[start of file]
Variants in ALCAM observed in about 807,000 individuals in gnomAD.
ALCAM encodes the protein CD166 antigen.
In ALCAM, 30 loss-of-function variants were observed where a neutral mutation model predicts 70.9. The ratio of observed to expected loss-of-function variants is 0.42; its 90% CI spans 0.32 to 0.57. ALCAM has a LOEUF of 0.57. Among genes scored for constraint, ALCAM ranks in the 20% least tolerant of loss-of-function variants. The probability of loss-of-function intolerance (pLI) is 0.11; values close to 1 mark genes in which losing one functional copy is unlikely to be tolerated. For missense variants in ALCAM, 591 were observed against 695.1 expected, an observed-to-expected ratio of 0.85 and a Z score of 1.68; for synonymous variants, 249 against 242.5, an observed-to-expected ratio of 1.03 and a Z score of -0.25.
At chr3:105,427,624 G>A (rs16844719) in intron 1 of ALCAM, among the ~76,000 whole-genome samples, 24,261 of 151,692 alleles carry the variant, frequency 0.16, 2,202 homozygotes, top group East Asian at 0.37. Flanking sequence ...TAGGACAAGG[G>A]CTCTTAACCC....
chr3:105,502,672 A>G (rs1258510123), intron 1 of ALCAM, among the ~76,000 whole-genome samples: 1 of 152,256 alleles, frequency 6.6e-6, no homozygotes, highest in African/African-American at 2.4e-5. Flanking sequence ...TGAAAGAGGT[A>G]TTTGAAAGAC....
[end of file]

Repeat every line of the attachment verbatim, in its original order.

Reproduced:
Variants in ALCAM observed in about 807,000 individuals in gnomAD.
ALCAM encodes the protein CD166 antigen.
In ALCAM, 30 loss-of-function variants were observed where a neutral mutation model predicts 70.9. The ratio of observed to expected loss-of-function variants is 0.42; its 90% CI spans 0.32 to 0.57. ALCAM has a LOEUF of 0.57. Among genes scored for constraint, ALCAM ranks in the 20% least tolerant of loss-of-function variants. The probability of loss-of-function intolerance (pLI) is 0.11; values close to 1 mark genes in which losing one functional copy is unlikely to be tolerated. For missense variants in ALCAM, 591 were observed against 695.1 expected, an observed-to-expected ratio of 0.85 and a Z score of 1.68; for synonymous variants, 249 against 242.5, an observed-to-expected ratio of 1.03 and a Z score of -0.25.
At chr3:105,427,624 G>A (rs16844719) in intron 1 of ALCAM, among the ~76,000 whole-genome samples, 24,261 of 151,692 alleles carry the variant, frequency 0.16, 2,202 homozygotes, top group East Asian at 0.37. Flanking sequence ...TAGGACAAGG[G>A]CTCTTAACCC....
chr3:105,502,672 A>G (rs1258510123), intron 1 of ALCAM, among the ~76,000 whole-genome samples: 1 of 152,256 alleles, frequency 6.6e-6, no homozygotes, highest in African/African-American at 2.4e-5. Flanking sequence ...TGAAAGAGGT[A>G]TTTGAAAGAC....